citations omitted). “To satisfy this standard, a
plaintiff need not ‘forecast' evidence sufficient
to prove the elements of the claim. However, the complaint
must allege sufficient facts to establish those
elements.” Walters v. McMahen, 684 F.3d 435,
439 (4th Cir. 2012) (citation omitted). “
‘[N]aked assertions' of wrongdoing necessitate some
‘factual enhancement' within the complaint to cross
‘the line between possibility and plausibility of
entitlement to relief.' ” Francis v.
Giacomelli, 588 F.3d 186, 193 (4th Cir. 2009) (quoting
Twombly, 550 U.S. at 557).
Fraud (Count One)
the facts as pleaded in the Complaint, Watson plainly fails
to state a claim for fraud. Under Maryland law, to state a
claim for fraud a plaintiff must plausibly aver that: (1) the
defendant made a false statement; (2) the defendant was aware
that the statement was false; (3) the misrepresentation was
made for the purpose of defrauding the plaintiff; (4) the
plaintiff not only relied upon the misrepresentation, but had
the right to do so, and would not have taken that action if
the false statement had not been made; and (5) as a direct
result of the misrepresentation, the plaintiffs suffered
damages. See James v. Weisheit, 279 Md. 41, 44
(1977); Barr v. Flagstar Bank, FSB, 303 F.Supp.3d
400 (D. Md. 2018). Additionally, all claims alleging fraud
must be pleaded with particularity. See Fed. R. Civ.
9(b); see also Harrison v. Westinghouse Savannah River
Co., 176 F.3d 776, 784 (4th Cir. 1999); Bell v. Bank
of Am., N.A., No. RDB-13-0478, 2013 WL 6528966, at *1
(D. Md. Dec. 11, 2013). The claim, at a minimum, must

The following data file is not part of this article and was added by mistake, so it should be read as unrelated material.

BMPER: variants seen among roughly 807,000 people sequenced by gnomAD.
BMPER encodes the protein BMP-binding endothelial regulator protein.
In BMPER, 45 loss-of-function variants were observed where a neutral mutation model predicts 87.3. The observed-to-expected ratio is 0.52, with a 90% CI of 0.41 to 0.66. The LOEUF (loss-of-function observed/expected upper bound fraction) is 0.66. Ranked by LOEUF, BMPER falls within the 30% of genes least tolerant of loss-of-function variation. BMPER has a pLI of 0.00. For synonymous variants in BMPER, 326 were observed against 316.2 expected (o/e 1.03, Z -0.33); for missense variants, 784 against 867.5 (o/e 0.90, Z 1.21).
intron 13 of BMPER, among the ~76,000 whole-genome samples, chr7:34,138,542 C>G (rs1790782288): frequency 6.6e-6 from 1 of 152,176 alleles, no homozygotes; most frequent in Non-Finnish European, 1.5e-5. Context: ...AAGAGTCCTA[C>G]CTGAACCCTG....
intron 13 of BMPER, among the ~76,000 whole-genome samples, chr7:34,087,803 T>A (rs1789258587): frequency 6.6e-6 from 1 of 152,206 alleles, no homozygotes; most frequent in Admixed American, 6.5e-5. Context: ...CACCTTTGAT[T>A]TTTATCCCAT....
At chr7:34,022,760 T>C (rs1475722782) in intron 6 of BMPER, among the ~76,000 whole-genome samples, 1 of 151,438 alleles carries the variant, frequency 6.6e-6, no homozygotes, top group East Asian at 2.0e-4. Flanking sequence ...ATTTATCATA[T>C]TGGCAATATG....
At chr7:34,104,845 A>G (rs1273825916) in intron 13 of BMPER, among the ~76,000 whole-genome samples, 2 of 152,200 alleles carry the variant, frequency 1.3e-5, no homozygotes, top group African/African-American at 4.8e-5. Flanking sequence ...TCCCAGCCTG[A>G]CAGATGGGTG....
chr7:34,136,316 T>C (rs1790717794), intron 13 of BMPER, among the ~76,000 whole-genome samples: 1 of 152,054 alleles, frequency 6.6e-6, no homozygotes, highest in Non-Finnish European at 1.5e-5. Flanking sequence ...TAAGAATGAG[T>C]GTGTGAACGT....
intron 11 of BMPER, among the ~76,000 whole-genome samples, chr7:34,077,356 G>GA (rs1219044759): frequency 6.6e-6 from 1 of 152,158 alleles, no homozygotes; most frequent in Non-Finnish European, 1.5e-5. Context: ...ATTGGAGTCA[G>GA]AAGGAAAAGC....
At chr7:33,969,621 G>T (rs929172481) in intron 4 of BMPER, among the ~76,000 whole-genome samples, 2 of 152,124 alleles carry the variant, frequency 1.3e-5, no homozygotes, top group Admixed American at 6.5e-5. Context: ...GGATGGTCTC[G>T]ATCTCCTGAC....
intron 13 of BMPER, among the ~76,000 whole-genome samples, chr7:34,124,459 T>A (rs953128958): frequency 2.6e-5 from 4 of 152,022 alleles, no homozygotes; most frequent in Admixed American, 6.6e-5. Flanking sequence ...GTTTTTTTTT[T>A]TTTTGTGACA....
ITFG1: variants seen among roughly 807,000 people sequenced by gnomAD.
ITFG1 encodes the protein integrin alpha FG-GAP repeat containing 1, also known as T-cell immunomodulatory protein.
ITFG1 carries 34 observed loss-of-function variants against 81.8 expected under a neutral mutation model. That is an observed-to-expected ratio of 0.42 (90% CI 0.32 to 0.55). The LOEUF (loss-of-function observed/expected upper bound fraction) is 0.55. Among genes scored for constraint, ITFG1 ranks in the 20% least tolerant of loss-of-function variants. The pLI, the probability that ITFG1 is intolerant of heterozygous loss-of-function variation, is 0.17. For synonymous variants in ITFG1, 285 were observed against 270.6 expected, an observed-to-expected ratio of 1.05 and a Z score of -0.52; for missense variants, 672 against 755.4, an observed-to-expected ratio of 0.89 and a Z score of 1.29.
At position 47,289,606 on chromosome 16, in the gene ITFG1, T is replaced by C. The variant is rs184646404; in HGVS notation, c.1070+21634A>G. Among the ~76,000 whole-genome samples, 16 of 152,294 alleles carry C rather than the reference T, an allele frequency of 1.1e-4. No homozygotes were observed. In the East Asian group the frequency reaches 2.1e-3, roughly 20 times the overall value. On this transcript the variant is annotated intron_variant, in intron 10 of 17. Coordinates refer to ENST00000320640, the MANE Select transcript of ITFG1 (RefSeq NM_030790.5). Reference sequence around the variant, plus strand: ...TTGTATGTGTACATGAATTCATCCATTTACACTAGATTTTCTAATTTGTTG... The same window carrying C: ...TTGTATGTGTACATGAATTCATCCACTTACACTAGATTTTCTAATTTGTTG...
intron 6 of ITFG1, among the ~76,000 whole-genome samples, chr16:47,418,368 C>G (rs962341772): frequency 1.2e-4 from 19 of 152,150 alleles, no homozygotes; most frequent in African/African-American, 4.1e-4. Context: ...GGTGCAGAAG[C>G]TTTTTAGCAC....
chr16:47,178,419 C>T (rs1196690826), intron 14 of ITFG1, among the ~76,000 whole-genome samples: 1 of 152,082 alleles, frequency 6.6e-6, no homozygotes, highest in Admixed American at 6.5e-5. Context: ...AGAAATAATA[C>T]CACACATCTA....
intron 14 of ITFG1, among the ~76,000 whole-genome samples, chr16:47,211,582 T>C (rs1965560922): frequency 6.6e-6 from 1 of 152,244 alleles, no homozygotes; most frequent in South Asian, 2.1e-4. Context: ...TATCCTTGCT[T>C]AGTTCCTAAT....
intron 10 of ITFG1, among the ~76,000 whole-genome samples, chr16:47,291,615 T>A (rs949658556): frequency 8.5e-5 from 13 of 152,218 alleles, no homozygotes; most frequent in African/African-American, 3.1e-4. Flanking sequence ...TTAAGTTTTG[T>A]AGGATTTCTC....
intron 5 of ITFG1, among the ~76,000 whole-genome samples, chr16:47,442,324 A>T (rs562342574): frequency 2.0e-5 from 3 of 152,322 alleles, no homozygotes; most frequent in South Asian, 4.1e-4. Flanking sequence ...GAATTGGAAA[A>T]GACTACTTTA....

identify the “time, place, and contents of the false
representations, as well as the identity of the person making
the misrepresentation and what he obtained thereby.”
Harrison 176 F.3d at 784 (citation omitted).
the Complaint generally discusses Watson's concerns
regarding ADT's failure to property compensate her,
nowhere does it allege any false statements or omissions. The
Complaint does not reference any person from ADT having made
any false representation about her compensation or ADT's
commission policies, or that she suffered damages from such a
misrepresentation. See generally ECF No. 2. Watson
does not state when or where then alleged fraud occurred, or
point to a particular individual responsible for the alleged
fraud. ECF No. 2 at ¶¶ 1-3.
Accordingly, Count One is dismissed.
Wrongful Termination (Count Two)
agreements in Maryland are presumptively at-will, ” and
an employer can legally terminate an at-will employee at any
time for almost any reason. See Harig v. Progress Rail
Servs. Corp., 166 F.Supp.3d 542, 550 (D. Md. 2015);
Suburban Hosp., Inc. v. Dwiggins, 324 Md. 294, 303
(1991). However, an at-will employee may still state a viable
wrongful termination claim if the employee had been fired in
violation of a clear mandate of public policy. See Wholey
v. Sears Roebuck, 370 Md. 38, 50-51 (2002); Silvera
v. Home Depot U.S.A., Inc.,189 F.Supp.2d 304, 309 (D.
Md. 2002). Terminations in violation of public policy are
narrowly circumscribed and “limited to situations where
the employee has been terminated for exercising a specific
legal right or duty or where the employee has been fired for
refusing to violate the law or the legal rights of a third
party.” Silvera 189 F.Supp.2d at 309-10. The
plaintiff must ...